Lidia & Yuriy Buchinskiy – Family of Ukrainian Believers Fights Back 

Lidia & Yuriy-Goodbye at the Airport

Lidia and Yuriy Buchinskiy say goodbye to one another at the Boise Airport this past March. Yuriy was flying to countries surrounding Ukraine to help refugees who were fleeing Russian bombs. (Courtesy photo) 

By Gaye Bunderson 

Editor’s note: This story was written in March. Christian Living Magazine prays for the safety of all the people involved and for the country of Ukraine. 

 

To meet Lidia Buchinskiy is to attach a friendly face to a much-televised tragedy. Lidia and her husband Yuriy were both born and raised in Ukraine, but both have been in the U.S. now for more than 20 years and are naturalized American citizens with four American-born children. 

Lidia is from Odesa but was born in Izmail, on the border with Romania. “I came here as a fiancee,” she said. Her husband’s family left Ukraine and headed for California in 1991, when the Soviet Union collapsed. As a young man, Yuriy attended a church in San Francisco where church leaders started a program to visit Siberian jails to minister to the people there. Yuriy went with them and also visited his homeland, where he met Lidia. She was just 13½ at the time, and Yuriy was 19. They would marry a handful of years later.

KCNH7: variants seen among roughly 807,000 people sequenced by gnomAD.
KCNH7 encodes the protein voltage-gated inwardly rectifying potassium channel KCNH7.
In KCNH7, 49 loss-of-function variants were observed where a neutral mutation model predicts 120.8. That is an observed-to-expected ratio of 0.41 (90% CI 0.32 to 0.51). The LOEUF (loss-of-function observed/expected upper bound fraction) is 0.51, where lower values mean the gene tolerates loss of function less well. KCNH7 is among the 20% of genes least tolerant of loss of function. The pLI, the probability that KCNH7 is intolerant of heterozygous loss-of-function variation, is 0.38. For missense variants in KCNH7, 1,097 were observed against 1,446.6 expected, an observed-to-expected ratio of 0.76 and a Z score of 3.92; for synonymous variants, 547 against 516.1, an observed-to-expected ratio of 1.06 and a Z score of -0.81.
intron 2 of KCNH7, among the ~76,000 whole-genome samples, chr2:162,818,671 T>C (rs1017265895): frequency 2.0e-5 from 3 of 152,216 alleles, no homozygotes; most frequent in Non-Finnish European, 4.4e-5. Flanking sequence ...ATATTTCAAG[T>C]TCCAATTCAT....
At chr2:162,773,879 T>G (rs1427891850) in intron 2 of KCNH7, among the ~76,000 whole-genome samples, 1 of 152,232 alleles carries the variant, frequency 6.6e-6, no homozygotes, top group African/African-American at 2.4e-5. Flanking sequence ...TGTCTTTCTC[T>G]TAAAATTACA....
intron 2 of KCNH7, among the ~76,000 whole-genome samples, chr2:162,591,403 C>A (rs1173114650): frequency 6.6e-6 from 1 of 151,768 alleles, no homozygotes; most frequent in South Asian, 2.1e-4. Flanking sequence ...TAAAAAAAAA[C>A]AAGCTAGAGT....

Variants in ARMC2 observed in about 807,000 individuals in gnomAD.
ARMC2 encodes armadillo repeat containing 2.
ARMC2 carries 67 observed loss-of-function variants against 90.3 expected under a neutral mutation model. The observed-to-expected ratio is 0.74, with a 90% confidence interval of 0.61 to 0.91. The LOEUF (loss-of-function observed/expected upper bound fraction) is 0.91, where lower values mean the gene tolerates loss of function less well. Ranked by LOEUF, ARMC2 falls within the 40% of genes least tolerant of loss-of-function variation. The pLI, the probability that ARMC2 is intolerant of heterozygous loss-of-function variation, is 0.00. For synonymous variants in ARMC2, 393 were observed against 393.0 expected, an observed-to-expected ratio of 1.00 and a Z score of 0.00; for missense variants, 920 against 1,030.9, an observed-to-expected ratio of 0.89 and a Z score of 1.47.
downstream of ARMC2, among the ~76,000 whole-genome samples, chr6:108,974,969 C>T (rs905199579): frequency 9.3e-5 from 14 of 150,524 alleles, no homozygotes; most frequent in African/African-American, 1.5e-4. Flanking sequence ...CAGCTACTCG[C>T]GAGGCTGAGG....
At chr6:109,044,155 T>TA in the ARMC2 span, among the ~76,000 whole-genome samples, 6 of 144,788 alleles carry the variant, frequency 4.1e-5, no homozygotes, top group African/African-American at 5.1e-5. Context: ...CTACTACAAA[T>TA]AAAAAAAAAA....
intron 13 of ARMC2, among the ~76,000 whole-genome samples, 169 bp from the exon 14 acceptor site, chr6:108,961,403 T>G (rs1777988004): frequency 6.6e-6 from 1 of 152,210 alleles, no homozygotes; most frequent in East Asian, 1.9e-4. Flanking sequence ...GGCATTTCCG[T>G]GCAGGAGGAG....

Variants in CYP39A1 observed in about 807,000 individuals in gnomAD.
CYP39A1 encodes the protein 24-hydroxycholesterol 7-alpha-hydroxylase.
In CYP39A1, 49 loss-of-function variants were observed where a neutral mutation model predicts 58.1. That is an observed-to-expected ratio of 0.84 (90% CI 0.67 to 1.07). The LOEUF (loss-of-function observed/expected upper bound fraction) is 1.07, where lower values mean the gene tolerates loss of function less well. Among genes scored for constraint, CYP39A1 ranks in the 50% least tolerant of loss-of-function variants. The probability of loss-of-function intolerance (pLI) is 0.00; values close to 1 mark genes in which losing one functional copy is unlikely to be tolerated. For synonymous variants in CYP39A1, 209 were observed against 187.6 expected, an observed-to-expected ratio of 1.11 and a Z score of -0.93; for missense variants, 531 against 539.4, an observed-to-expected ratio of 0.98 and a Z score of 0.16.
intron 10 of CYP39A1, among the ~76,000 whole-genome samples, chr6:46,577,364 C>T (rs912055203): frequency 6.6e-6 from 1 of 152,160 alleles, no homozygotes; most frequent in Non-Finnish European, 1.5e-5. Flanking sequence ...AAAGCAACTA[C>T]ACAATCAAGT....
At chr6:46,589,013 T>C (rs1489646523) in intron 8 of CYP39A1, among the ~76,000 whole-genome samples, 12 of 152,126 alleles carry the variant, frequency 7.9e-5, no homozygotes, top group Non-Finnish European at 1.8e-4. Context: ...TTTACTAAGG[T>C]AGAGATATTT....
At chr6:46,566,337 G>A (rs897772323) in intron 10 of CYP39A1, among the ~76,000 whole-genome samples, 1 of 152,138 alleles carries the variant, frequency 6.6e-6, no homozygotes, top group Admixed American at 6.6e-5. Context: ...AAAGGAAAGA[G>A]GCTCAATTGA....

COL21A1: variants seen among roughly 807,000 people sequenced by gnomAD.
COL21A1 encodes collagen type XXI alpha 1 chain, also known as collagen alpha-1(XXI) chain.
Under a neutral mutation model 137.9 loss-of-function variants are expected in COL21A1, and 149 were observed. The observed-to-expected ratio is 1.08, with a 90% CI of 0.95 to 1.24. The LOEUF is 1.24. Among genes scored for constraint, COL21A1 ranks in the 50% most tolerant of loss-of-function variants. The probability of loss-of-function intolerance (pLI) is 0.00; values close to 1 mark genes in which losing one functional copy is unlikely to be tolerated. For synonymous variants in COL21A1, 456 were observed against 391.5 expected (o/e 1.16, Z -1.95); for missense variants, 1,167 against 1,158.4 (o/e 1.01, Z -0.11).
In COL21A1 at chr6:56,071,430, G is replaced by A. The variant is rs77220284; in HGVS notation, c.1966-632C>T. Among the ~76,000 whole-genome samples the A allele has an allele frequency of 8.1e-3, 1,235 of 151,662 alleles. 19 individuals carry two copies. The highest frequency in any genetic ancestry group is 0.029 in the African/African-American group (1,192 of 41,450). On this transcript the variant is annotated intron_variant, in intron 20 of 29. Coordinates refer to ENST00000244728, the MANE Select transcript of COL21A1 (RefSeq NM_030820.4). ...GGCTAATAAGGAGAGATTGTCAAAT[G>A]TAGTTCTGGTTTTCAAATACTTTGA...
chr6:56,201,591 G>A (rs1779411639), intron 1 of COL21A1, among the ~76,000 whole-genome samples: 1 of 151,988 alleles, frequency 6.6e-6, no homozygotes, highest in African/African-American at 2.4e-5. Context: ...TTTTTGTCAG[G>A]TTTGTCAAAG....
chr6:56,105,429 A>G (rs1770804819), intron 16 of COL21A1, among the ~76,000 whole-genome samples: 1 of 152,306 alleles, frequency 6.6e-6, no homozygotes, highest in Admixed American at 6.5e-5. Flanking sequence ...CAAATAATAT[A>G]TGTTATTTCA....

Yuriy has now returned to the area that has been, and continues to be, wracked by war and waves of refugees. Initially, he was in Romania and Moldova but may be moving about to help where he can with evacuating people and assisting those who’ve already fled. He is not the only member of Lidia’s family to travel to the troubled area to selflessly help their fellow Ukrainians. They are all people of faith. 

Some of Lidia’s family still lived in Ukraine when the war broke out. Her sister, Katie, was pregnant and had a Caesarean section just after the war started. Katie’s husband, Sergey, was a pastor at Lutsk, a city in northwestern Ukraine. The couple has three other children besides the newborn and, as of the writing of this article, the family was trying to get to the border of Poland and has likely succeeded, as have many others. 

Two other sisters, who had been living in California, are now working at the Romania/Ukraine border as interpreters and include Lisa, 32, and Tina, 45. Sister Anna, 40, is serving as a translator at the Poland/Ukraine border. 

Lidia’s brother, Dennis Serdichenko, is in Odesa and was able to get his children safely into Romania, as well as his and his siblings’ mother. However, he is staying behind (Ukrainian males of specific ages are required to stay to help fight the war), and his wife is remaining with him. Said Lidia: “She is a faithful friend to him and an amazing woman of God.” 

Lidia is proud of her family’s courage and sacrifice. The faith of her family members started decades back with her father, Pete Serdichenko. He started a Good Samaritan Fund 30 years ago in Ukraine – a program that still continues to help those in need today. The entire family consisted of devout church-goers; and the Ukrainian church today, though severely tested, has, in Lidia’s words, “become a place of good.” She tells a story of how six people ignored the war-related curfew and the nighttime darkness to go to a church and be baptized. They said ahead of time to the pastor there, “We’re going to come no matter what.”